Pittsburgh Current Staff Writer
Some magicians shy away from showing their tricks on social media. Anna DeGuzman, however, embraces it.
“Some people can’t afford to buy a magic kit. Some people don’t have a family that comes from a creative background that will show them a trick. Some people just don’t have access,” she says. “But with the Internet now, you have access to this whole world of knowledge where you can learn anything by yourself.”
DeGuzman kicks off Liberty Magic’s second year with “The Queen of Cardistry,” running from Feb. 19 to March 29, mixing card tricks with sleight of hand.
“I want to reinvent the image of what a magician is, which is not, you know, the old top hat, suit, white gloves, you know, doves, bunny [out of a ] hat,” she says.
Unlike other magicians—who often list books and mentors in their origin story—DeGuzman is self-taught. She first picked up the art after watching cardistry YouTube videos as a teen, entranced by the intricate packet cuts and displays.
“I literally looked at it and I was like, ‘I could do that,’” she says.
DeGuzman ventured further down the magic rabbit hole three years later, incorporating ordinary objects like Rubik’s cubes and mind-boggling mentalism into her routine.
“They’re totally separate art forms, but they complement each other very well,” she says.
She began making videos and posting them to her YouTube channel and on social media, which she says has helped amplify her career. She’s been seen on Penn and Teller’s “Fool Us,” “Masters of Illusion” and has performed at the Magic Castle in Los Angeles.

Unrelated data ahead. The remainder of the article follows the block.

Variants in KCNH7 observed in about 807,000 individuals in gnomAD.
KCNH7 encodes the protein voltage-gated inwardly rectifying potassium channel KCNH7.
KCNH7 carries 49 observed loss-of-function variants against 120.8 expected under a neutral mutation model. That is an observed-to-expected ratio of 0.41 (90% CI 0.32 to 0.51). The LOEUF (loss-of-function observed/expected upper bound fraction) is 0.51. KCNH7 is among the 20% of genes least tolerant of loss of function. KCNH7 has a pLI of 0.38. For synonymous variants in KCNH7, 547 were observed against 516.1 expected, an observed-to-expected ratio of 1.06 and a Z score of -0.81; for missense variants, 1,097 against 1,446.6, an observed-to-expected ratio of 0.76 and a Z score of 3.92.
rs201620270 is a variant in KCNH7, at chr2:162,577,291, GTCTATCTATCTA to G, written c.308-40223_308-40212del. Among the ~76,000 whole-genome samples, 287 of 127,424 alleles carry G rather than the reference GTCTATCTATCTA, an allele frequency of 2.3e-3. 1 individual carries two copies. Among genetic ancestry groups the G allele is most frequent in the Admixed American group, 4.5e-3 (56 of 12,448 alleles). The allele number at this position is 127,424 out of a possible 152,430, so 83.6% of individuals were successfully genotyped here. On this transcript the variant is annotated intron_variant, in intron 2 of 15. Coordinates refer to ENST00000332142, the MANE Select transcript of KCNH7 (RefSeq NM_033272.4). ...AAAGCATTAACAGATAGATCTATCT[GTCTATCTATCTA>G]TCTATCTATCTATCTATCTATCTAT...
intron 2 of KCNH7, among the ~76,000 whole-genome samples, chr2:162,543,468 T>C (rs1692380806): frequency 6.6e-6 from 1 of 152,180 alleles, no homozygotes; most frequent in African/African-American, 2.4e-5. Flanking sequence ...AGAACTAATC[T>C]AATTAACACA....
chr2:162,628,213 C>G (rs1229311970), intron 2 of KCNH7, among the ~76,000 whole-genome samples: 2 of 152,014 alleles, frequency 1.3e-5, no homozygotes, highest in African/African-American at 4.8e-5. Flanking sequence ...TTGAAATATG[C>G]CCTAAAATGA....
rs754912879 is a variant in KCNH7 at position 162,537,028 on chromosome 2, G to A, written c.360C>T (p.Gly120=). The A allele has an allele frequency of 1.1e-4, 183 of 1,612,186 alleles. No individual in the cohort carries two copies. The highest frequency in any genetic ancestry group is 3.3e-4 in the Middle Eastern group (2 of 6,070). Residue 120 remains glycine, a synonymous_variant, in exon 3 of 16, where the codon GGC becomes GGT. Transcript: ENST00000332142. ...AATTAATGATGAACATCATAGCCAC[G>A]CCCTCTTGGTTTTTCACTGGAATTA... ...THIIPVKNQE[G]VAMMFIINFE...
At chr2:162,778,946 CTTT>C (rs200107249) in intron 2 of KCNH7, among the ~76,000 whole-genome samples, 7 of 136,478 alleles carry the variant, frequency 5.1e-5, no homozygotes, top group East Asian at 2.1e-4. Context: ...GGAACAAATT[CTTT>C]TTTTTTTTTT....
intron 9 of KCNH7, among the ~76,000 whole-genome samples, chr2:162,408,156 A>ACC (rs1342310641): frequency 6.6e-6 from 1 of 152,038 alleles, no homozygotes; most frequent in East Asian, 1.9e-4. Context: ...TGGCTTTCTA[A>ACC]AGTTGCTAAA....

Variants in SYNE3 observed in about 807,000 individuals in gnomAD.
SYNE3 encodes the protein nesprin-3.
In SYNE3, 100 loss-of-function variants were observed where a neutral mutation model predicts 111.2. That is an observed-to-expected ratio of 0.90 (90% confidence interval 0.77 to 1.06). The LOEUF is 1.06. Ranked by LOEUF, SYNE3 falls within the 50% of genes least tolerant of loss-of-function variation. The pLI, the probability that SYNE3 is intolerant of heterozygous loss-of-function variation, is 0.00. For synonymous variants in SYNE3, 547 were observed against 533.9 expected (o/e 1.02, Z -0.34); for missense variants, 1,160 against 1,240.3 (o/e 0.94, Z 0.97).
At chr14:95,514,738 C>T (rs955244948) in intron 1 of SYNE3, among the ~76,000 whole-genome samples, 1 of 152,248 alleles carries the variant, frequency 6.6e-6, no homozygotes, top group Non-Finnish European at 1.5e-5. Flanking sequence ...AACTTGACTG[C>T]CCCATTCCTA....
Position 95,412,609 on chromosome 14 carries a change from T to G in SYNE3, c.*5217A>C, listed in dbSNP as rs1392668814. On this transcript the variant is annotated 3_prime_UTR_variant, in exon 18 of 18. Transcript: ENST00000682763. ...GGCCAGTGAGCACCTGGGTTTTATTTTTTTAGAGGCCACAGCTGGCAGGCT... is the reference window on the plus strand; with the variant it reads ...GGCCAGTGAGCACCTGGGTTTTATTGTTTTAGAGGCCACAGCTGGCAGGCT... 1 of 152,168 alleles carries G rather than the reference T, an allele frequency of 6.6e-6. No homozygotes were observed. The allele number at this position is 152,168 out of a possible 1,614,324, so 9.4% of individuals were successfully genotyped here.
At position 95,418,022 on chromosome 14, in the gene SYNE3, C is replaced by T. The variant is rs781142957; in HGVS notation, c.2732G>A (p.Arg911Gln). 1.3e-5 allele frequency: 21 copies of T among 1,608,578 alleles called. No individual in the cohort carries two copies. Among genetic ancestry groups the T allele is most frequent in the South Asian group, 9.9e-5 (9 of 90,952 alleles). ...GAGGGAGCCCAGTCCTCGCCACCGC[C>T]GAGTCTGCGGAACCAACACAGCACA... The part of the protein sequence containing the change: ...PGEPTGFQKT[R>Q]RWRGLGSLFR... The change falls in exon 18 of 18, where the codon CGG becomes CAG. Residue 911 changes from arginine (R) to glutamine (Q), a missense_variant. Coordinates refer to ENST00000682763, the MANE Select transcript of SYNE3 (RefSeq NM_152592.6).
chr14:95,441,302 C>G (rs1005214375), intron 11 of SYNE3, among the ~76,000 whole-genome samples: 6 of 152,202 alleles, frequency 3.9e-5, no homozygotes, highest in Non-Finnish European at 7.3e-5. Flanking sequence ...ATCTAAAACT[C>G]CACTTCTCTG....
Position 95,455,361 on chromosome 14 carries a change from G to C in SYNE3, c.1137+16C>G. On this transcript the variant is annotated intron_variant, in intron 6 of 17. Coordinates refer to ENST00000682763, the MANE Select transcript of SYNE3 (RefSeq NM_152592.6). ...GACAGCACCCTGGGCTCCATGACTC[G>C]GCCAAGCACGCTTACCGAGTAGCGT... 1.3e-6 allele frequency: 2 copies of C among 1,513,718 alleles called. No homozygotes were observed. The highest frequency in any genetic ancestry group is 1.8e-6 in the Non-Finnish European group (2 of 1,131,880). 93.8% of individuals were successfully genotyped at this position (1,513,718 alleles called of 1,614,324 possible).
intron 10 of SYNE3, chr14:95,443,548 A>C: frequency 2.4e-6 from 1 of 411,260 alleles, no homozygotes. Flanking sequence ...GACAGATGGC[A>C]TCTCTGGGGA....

“That’s how I’ve been able to keep going, as a lot of people tend to see my videos and they want to see me live. And they inquire where and when they can see me,” she says.
Despite performing live, DeGuzman says social media lowers the barrier of entry into the craft.
“With social media, it just allows people to find magic a lot easier than going to a live show. If they don’t even know that there are live shows in their talent, it’s everywhere [on social media],” she says.
Although magic can be a male-dominated hobby and profession — DeGuzman is only the second woman to have a residency at Liberty Magic, and, at 21, is the youngest — she says it’s not a gender-specific artform.
“I never felt there was a space for a woman in magic because I never saw female magicians,” she says. “But hopefully, I inspire people to get into it, especially young girls, to show them that it’s pretty cool. It’s not nerdy. Like it’s actually pretty lit.”